(PhysOrg.com) -- At a conference held at the Jet Propulsion Laboratory in California, NASA experts have voted 2012 the most scientifically flawed and absurd science fiction film ever made.
The 2009 disaster film named 2012 was directed by Roland Emmerich and written by Emmerich and Harald Kloser and grossed almost $800 million. The story is set on the date the Mayan calendar supposedly ends (21 December 2012), which is believed by some to be the day the world will end. The story revolves around a marital reconciliation, which takes place as the world begins to collapse as strange neutrino particles cause global devastation.
NASAs Donald Yeomans, who headed the Near Earth Asteroid Rendezvous mission, called the film an "exceptional and extraordinary" example of bad science in Hollywood movies. He pointed out that neutrino particles cannot interact with physical substances, and there is no possible way neutrinos carried to Earth by solar flares as depicted could cook the planets core and cause hurricanes or earthquakes or produce tsunamis big enough to overwhelm Mount Everest as shown in the film.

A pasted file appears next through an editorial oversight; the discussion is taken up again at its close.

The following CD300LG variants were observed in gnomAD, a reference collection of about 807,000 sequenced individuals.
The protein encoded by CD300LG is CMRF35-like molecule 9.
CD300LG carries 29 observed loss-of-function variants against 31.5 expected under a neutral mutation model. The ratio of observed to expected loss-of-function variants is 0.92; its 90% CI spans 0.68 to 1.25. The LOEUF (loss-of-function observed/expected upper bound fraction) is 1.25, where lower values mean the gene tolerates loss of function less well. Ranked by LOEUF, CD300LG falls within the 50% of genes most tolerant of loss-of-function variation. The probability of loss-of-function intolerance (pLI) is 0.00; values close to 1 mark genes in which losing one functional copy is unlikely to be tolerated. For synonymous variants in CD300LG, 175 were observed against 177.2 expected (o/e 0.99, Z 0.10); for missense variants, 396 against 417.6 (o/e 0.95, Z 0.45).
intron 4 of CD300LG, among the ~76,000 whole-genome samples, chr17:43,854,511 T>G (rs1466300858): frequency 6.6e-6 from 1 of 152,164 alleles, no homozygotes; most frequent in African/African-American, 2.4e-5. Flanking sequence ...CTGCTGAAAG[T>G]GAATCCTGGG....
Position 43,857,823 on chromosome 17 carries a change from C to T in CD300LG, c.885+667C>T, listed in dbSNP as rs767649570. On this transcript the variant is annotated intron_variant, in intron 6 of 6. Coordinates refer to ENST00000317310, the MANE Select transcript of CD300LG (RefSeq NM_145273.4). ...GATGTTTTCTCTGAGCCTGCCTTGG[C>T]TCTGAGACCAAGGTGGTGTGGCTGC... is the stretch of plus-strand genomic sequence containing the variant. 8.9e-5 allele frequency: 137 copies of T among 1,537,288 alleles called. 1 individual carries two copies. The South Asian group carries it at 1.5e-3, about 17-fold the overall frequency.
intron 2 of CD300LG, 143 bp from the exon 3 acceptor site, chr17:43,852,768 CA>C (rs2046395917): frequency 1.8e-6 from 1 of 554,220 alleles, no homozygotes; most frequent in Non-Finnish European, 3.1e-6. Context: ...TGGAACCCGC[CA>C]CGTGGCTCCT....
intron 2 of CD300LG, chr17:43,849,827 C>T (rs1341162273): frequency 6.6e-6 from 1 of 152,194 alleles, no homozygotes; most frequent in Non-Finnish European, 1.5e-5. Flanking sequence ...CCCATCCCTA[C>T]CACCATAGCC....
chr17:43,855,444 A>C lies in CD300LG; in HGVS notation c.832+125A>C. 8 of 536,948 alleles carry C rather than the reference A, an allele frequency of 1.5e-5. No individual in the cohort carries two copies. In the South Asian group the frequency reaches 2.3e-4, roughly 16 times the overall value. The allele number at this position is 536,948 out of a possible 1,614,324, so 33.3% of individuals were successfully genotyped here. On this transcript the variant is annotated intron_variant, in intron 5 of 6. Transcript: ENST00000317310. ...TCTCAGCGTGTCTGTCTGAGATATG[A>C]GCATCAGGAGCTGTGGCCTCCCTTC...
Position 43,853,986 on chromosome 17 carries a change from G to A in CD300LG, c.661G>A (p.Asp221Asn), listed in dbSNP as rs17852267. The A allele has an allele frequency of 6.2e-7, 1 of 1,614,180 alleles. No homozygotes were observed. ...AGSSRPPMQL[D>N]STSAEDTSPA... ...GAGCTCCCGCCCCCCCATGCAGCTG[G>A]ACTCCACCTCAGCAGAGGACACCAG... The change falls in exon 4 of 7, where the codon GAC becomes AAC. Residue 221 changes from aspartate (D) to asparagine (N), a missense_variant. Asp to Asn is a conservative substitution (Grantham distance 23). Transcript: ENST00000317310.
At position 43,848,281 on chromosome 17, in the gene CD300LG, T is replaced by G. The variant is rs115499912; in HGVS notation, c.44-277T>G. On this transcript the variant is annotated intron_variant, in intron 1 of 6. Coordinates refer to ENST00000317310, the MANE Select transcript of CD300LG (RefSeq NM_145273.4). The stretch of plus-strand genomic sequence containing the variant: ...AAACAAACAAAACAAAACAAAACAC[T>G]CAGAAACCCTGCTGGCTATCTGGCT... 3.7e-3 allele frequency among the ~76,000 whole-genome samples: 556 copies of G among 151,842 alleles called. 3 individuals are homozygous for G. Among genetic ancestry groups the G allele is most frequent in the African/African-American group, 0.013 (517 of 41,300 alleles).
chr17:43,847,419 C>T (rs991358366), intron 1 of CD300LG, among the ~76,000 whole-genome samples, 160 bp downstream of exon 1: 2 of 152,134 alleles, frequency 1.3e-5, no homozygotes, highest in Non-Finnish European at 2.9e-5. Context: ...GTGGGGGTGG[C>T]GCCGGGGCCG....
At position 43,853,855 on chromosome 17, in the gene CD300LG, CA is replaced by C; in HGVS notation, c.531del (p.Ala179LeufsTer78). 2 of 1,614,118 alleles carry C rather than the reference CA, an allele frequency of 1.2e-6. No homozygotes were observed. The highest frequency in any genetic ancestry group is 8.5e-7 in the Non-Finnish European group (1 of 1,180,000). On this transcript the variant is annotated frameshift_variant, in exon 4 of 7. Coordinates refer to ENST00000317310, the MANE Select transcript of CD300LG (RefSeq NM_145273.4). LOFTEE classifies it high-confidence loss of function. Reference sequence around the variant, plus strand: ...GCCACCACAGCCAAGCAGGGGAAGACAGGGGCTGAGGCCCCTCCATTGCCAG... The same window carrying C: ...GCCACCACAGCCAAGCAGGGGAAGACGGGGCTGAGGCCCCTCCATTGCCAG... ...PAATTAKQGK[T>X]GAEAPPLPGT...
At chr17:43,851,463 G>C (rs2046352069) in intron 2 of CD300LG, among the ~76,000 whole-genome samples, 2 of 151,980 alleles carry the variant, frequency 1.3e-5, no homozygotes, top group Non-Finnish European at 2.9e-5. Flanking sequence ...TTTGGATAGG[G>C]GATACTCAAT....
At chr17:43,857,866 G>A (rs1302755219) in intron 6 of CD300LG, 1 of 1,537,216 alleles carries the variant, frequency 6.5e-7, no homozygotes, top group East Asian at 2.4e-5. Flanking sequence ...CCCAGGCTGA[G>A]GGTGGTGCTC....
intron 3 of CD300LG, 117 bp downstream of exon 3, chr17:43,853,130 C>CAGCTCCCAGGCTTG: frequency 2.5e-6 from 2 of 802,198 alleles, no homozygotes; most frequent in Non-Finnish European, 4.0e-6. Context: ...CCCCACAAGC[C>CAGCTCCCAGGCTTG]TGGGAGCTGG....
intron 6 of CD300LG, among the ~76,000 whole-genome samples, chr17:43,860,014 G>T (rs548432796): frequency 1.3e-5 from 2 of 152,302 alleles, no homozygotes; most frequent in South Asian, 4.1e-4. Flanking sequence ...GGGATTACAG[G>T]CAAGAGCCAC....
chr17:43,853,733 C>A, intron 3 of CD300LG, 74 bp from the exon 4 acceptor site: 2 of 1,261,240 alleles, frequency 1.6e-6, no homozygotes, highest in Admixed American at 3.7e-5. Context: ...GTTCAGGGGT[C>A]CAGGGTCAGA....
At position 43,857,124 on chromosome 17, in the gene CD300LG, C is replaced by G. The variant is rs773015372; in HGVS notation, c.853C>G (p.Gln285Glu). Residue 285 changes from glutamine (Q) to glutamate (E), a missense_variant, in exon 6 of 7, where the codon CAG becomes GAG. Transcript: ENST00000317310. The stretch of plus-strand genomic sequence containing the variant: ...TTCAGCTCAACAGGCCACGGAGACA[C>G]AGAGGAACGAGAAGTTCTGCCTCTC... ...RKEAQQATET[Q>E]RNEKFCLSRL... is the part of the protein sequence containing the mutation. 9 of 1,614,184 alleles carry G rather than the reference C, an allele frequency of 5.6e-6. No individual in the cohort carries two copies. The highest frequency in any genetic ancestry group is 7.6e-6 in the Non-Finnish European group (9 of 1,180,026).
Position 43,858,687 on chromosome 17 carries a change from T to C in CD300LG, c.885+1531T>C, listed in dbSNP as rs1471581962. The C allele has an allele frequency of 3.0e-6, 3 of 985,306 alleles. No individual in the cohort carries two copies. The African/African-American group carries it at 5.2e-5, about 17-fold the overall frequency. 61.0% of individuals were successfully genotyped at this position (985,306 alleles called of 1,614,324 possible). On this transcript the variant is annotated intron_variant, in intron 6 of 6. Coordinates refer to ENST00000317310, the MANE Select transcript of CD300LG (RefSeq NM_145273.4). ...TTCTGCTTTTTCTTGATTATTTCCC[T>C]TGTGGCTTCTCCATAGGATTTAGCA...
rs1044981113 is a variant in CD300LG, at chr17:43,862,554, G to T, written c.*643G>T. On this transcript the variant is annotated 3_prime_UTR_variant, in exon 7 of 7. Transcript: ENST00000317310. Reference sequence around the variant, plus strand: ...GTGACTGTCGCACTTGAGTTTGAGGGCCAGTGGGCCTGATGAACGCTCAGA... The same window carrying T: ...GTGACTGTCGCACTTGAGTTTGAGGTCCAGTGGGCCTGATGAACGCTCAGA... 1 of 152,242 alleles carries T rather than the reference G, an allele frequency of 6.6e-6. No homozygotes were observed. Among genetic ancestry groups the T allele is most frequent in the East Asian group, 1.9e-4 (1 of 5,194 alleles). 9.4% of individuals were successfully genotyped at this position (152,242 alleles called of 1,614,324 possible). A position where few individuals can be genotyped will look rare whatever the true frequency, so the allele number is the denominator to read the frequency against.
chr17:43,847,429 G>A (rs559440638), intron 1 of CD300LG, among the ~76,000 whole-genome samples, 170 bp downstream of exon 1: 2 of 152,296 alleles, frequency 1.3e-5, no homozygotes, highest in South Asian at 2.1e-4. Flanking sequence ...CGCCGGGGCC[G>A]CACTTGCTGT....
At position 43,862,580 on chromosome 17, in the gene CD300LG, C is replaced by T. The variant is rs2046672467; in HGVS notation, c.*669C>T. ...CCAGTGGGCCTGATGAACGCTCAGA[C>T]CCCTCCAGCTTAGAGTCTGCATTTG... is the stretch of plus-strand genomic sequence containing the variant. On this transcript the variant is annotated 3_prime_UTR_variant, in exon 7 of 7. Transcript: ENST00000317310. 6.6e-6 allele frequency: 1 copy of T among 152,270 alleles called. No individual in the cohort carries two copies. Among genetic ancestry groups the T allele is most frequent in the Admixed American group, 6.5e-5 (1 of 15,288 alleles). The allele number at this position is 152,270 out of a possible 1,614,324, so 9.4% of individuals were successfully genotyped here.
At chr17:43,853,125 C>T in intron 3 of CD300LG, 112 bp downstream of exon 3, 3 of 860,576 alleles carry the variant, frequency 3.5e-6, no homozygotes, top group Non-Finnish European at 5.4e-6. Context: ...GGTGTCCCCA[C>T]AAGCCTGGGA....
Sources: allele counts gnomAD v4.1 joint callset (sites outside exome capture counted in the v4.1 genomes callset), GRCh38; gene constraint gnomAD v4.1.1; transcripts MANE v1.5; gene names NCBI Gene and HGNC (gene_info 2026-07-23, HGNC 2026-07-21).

NASA has received a massive amount of mail as a result of peoples concerns about the world ending in 2012, and has set up a website to debunk the myths, which is something they have never needed to do with previous disaster films. This is a major reason for their list of bad science films because they do worry many people.
Other films on NASAs silly list include The Day After Tomorrow, about accelerated global warming, Volcano, in which a volcano appears in Los Angeles, the supposed documentary What the Bleep Do We Know, The Sixth Day, Chain Reaction, and The Core. Another film on the hit list is Armageddon, a film about a massive asteroid being blown up by a nuclear bomb to save the Earth. The film was originally supported by NASA.
The NASA scientists also voted on scientifically accurate sci-fi films and this list included Gattaca, Metropolis, Jurassic Park, Contact, and Blade Runner.
Explore further: NASA on crusade to debunk 2012 apocalypse myths